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Mark Bello
Mark Bello
Attorney • (877) 377-7848

Strip Club’s Policy Cost Woman Her Life

3 comments

Who ever heard of an incentive program consisting of getting patrons intoxicated and then letting them get behind the wheel of a car? Rick’s Cabaret in Houston, Texas, has a policy that requires its entertainers to pay a nightly 'house charge' in order to work at the club. They do so by accumulating “credits” based on the number of drinks they sell. If this means enticing customers to the point of intoxication, so be it.

A recent lawsuit alleges that Rick’s negligence has cost an 18-year-old her life. The woman was killed in March 2011 when a drunk driver slammed into her vehicle after being thrown out of Rick’s for refusing to pay for his drinks. She died from extensive blunt force injuries and a subdural brain hemorrhage. An investigation revealed his blood alcohol was 0.295, more than three times the legal limit in Texas. Witnesses said the drunk driver was not using his headlights, and evidence from the scene shows he was traveling approximately 130 mph.

This young woman will never attend college, start a career, raise a family, or become a grandmother because a strip club was so focused on profits that it had a complete disregard to safety.

The wrongful death lawsuit has been filed against the driver, Rick’s Cabaret, and Trumps Inc., the company that maintains the club's alcoholic beverage permit. Under dram shop laws, the supplier of alcohol (restaurant, bar, liquor store, etc) may be held legally accountable (liable) for injuries caused by a customer to a third party, if the supplier “knowingly sells, furnishes or serves alcoholic beverages to a person who is in a noticeable state of intoxication, knowing that such person will soon be driving a motor vehicle.” The lawsuit contends that the club’s policy and the fact that the man was visibly intoxicated when they kicked him out and let him get behind the wheel, caused the fatal accident. Rick’s had the right to kick the man out for not paying his bill, but if he was clearly intoxicated, then employees should not have allowed him to get behind the wheel of a car. Don’t you agree? What do you think?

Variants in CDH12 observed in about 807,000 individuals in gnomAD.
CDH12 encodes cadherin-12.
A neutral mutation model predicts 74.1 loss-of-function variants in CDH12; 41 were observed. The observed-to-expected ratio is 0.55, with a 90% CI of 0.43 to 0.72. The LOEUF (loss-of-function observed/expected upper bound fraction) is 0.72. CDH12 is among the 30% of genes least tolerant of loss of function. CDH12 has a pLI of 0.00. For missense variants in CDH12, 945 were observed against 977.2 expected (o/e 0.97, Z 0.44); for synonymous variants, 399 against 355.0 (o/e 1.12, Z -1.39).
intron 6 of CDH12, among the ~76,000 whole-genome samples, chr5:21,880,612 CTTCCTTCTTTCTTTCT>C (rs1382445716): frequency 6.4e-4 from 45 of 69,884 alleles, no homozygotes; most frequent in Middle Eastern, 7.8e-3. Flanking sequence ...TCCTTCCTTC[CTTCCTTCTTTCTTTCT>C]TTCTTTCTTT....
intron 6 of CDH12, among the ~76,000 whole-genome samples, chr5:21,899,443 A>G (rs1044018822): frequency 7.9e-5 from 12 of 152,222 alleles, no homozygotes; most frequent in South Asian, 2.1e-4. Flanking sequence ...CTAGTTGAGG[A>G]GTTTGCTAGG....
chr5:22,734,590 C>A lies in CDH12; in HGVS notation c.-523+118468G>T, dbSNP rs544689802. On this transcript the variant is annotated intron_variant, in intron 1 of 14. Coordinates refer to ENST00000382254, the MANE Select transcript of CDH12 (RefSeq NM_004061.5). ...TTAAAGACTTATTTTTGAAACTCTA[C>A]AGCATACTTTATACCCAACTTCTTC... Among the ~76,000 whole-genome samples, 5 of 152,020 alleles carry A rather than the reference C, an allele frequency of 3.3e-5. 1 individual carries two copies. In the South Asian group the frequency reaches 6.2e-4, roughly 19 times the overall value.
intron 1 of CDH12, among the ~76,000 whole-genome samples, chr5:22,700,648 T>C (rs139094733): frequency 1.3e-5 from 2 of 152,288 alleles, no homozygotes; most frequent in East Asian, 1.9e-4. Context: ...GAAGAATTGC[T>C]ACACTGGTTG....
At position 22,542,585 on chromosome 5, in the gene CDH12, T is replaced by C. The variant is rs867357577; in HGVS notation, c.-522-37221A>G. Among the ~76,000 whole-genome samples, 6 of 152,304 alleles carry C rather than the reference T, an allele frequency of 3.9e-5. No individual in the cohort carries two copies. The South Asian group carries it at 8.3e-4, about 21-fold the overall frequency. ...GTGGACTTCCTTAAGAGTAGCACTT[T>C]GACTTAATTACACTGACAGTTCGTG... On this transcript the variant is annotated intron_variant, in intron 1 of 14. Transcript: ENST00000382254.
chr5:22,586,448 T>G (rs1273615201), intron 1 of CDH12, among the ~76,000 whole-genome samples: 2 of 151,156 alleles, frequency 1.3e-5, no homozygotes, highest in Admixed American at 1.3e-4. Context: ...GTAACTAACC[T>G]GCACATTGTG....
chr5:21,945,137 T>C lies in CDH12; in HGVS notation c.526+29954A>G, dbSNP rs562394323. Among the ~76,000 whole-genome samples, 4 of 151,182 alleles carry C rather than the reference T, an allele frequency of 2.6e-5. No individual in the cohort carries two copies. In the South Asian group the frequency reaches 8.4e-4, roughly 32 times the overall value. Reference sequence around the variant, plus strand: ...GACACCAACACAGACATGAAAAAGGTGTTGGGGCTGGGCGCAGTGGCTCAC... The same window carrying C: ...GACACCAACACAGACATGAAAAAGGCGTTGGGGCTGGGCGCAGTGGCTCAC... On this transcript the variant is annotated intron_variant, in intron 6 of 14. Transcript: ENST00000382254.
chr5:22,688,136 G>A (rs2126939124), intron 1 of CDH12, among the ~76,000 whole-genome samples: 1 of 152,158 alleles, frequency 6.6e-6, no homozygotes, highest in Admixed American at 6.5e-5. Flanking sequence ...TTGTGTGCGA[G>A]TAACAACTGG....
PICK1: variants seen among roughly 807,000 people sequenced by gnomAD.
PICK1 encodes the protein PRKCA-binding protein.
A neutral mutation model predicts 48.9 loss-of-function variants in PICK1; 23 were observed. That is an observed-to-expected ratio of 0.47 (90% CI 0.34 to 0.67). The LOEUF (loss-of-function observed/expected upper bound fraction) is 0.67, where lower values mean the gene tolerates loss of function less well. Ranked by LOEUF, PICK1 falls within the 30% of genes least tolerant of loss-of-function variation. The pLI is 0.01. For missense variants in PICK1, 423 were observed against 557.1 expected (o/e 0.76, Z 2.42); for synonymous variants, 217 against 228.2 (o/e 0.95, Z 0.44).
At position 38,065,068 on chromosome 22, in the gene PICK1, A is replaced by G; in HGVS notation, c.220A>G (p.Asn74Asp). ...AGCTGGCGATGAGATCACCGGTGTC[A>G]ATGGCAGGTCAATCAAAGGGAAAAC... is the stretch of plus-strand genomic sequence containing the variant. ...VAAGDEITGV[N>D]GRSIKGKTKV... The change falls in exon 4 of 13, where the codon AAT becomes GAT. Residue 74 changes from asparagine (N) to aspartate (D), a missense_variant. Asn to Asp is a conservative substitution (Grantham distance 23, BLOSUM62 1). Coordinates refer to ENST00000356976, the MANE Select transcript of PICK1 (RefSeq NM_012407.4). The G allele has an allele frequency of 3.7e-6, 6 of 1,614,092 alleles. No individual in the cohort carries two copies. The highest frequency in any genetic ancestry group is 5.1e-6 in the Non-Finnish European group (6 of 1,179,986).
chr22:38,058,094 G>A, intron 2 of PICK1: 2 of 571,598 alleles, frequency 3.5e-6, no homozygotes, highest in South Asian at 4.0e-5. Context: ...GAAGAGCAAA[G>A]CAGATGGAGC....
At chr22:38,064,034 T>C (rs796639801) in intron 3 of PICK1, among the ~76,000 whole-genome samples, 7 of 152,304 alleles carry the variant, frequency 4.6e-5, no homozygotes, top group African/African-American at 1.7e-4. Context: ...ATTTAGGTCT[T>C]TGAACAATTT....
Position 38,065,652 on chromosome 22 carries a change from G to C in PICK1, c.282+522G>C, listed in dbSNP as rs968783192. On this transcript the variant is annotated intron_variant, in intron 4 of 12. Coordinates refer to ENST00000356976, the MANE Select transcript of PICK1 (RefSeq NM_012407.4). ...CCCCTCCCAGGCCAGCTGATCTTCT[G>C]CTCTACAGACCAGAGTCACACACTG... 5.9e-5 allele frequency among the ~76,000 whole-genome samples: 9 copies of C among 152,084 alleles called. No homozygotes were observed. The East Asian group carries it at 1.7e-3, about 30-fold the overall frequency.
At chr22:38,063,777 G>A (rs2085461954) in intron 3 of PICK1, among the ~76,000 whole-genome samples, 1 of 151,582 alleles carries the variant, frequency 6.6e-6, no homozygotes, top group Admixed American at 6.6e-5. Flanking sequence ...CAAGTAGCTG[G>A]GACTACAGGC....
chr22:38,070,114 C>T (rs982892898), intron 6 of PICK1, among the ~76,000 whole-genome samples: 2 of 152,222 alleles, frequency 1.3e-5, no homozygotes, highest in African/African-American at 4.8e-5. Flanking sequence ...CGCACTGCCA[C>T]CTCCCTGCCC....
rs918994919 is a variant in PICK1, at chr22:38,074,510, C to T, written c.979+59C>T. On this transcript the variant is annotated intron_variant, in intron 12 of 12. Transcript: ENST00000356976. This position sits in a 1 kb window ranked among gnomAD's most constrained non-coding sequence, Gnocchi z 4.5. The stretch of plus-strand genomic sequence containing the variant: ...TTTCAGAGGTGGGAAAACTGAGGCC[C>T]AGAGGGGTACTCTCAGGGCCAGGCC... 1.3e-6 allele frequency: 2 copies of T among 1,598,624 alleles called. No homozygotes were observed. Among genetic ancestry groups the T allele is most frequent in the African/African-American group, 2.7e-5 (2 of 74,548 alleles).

Mark Bello has thirty-five years experience as a trial lawyer and thirteen years as an underwriter and situational analyst in the lawsuit funding industry. He is the owner and founder of Lawsuit Financial Corporation which helps provide legal finance cash flow solutions and consulting when necessities of life litigation funding is needed by a plaintiff involved in pending, personal injury, litigation. Bello is a Justice Pac member of the American Association for Justice, Sustaining and Justice Pac member of the Michigan Association for Justice, Member of Public Justice and Public Citizen, Business Associate of the Florida, Mississippi, Connecticut, Texas, and Tennessee Associations for Justice, and Consumers Attorneys of California, member of the American Bar Association, the State Bar of Michigan and the Injury Board.

3 Comments

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  1. Vern Dennis says:
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    The victims of any drunk driver in the scenario described above should be able file a law suit BUT the drunk driver or her family should NOT unless they can proved that someone tied her up and poured liquor down her throat. At the very lease she should bear a huge percentage of comparative negligence – well over 50% and probably in the realm of 75%.

    Ultimately you are, and should be responsible for your own actions. Paraphrasing your own comment – [t]his young woman will never attend college, start a career, raise a family, or become a grandmother because she had a total disregard for her own safety.

  2. Mark Bello says:
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    Vern: I don’t understand your point. The young woman was NOT the drinker and driver here. She was the innocent victim of the drunk that Rick’s served. What was her “total disregard for safety” that causes you to disparage her in this manner? Explain yourself, please.

  3. Vern Dennis says:
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    Typo – I said the the victim should be able to pursue a claim – I meant to type that the drunk driver should not be able to pursue a claim

    [t]his young man will never attend college, start a career, raise a family, or become a grandfather because he had a total disregard for his own safety.